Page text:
Page 11

Shoes

by Helen Chappell One of the reasons I like going to see one of my doctors, and at my age you have a lot of doctors, is to see the beautiful receptionist who always has the most fabulous shoes. She has a different pair every time, and all of them are stunning. Times being what they are, this slender and tall lady wears those high, high heels that are so fashionable. I’m too old and tired to wear four- and five-inch heels, but like a chaperone at a cotillion, I enjoy seeing young people having a good time. The first thing I say when I walk into the office isn’t “Hello, I’m here for my one o’clock,” it’s “Lemme see the shoes!” And she has them ~ always trendy, always fabulous. I don’t think I’ve ever seen her wear the same pair twice. She says she doesn’t know how many pairs she has, but she collects them with a passion, which I can understand. In my misspent youth, I too was a shoe junkie. Now, this was back in the day when dinosaurs roamed the earth, and Villager outfits were the dress of the day. Some of you will remember those Fair Isle sweaters, madras plaid, circle pins, wrap skirts and matchy-matchy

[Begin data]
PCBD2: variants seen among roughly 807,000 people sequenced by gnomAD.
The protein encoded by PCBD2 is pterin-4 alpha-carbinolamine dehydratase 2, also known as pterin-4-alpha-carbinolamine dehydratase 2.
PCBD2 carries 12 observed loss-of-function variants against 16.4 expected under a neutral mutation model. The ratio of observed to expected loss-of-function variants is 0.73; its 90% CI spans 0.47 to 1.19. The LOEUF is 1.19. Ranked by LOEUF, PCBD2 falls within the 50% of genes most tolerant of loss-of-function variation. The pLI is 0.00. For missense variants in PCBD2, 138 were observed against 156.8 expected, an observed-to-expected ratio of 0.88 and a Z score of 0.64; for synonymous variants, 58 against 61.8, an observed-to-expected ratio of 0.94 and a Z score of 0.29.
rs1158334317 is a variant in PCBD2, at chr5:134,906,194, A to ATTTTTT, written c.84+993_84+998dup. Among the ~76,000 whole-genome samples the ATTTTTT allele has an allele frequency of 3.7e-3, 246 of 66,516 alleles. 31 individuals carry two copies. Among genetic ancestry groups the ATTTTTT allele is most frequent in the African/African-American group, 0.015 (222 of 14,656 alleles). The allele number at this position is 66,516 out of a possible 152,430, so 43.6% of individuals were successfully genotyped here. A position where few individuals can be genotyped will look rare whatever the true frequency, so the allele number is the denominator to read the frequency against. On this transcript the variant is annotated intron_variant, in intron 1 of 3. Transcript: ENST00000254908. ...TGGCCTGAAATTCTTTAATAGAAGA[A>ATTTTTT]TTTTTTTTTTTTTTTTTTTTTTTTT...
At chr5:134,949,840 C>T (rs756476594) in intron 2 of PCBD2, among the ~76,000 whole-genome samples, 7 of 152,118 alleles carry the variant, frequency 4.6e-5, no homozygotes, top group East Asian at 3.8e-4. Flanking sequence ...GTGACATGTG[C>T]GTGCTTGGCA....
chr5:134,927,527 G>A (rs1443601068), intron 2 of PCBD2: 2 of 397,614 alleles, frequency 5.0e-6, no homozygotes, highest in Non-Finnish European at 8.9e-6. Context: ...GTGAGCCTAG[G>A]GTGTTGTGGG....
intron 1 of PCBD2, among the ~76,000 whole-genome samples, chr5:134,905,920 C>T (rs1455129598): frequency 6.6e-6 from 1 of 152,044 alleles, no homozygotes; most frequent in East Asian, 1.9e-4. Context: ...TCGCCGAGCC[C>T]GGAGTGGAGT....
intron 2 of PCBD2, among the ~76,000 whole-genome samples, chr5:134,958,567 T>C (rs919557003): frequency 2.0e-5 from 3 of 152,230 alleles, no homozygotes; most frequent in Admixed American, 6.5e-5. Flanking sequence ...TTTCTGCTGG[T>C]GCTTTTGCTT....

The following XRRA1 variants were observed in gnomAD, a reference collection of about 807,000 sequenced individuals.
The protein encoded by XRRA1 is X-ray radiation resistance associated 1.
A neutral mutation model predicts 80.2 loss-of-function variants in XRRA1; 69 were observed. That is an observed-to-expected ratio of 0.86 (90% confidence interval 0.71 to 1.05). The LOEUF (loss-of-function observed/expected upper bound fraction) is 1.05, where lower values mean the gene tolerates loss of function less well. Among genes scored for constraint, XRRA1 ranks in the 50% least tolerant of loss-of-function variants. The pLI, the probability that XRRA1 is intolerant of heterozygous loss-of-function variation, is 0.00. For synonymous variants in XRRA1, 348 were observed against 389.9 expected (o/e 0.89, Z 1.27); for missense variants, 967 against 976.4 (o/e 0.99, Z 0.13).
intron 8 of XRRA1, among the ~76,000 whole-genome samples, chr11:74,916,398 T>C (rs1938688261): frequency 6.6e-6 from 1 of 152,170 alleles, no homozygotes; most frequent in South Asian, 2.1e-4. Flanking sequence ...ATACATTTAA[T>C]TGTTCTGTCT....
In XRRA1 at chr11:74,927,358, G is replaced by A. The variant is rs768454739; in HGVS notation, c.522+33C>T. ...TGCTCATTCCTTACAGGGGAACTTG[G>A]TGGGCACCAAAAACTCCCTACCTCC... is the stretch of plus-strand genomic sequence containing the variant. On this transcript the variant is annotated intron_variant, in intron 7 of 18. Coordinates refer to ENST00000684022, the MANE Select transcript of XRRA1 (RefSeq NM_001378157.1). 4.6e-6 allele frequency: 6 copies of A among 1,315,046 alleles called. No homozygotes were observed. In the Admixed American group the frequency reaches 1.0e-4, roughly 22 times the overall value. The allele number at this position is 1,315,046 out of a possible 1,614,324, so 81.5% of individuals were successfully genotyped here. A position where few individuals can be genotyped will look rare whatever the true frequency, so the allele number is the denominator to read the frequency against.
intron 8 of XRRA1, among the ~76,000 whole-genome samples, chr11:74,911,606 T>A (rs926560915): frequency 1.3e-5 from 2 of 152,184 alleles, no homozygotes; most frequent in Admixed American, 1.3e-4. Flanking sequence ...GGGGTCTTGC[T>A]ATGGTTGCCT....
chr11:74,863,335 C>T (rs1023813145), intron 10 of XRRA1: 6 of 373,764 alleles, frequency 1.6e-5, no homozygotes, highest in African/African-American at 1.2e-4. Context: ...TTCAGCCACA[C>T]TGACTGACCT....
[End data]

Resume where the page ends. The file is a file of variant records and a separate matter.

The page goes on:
skirt-and-cardigan combos. And there were three kinds of shoes we all wore: tassel loafers, Docksides and f lats. Your f lats had to be plain, without ornamentation, and either Capezio or Pappagallo. We were, like most kids, conformists to our bones. Like a good high-schooler, I paraded around in my preppy gear, with my Peter Pan and buttondown collars, that circle pin at the ready. Beneath this demure, even innocuous look that presented the image of a good citizen, I also had a secret life as a rebel who often hung around with the wrong people, and I was an expert at forging my mother’s signature on excuse notes. I would cut classes and spend the day in the city, roaming 9

April 2017 ttimes web magazine  

Tidewater Times April 2017

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